Bush Discovers That Drug Sentences Can Be Too Long
In a column about last week's developments in federal sentencing, New York Times legal writer Adam Liptak notes that even President Bush has come out in favor of shorter sentences for drug offenders. Well, for one drug offender. And not much shorter:
Last week's most curious sentencing decision came from Mr. Bush, who commuted the sentence of Michael D. Short a few hours after the Supreme Court ruled. It was only the fifth commutation of his presidency, and the first involving crack cocaine.
Mr. Short had served 15 years for aiding a crack cocaine ring. Mr. Bush, without explanation, ordered him released in February, a little more than a year before he was to get out anyway.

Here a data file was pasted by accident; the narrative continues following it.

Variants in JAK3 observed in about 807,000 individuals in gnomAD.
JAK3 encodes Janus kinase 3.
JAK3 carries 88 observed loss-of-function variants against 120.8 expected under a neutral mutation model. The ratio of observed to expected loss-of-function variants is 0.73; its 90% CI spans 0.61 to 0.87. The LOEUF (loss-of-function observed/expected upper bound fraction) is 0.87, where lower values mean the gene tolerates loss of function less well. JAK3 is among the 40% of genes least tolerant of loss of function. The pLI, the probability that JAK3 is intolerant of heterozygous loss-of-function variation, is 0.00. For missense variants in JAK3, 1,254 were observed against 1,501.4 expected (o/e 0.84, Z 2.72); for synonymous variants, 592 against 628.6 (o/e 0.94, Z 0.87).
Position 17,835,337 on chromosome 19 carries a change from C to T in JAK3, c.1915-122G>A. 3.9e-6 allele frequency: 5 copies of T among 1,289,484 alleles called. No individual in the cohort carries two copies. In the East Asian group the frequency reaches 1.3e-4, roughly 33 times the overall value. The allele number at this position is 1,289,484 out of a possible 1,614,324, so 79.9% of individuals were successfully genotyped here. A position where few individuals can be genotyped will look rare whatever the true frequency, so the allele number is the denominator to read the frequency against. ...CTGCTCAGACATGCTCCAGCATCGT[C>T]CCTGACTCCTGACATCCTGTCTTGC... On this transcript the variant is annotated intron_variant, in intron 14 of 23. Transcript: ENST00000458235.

Margaret Colgate Love, the pardon lawyer at the Justice Department for most of the 1990s, seemed eager to read a lot into the decision.
"The president's personal intervention to cut short Short's prison term sends a clear signal that he, too, is concerned about the excessive length of crack sentences," Ms. Love said. The decision, she said, "puts him on the side of the courts and the angels, and in opposition to Congress and his own Justice Department."
On the other hand, she conceded, maybe it was just a random act of kindness.
I wrote about crack sentences last spring and about Bush's meager clemency record last summer.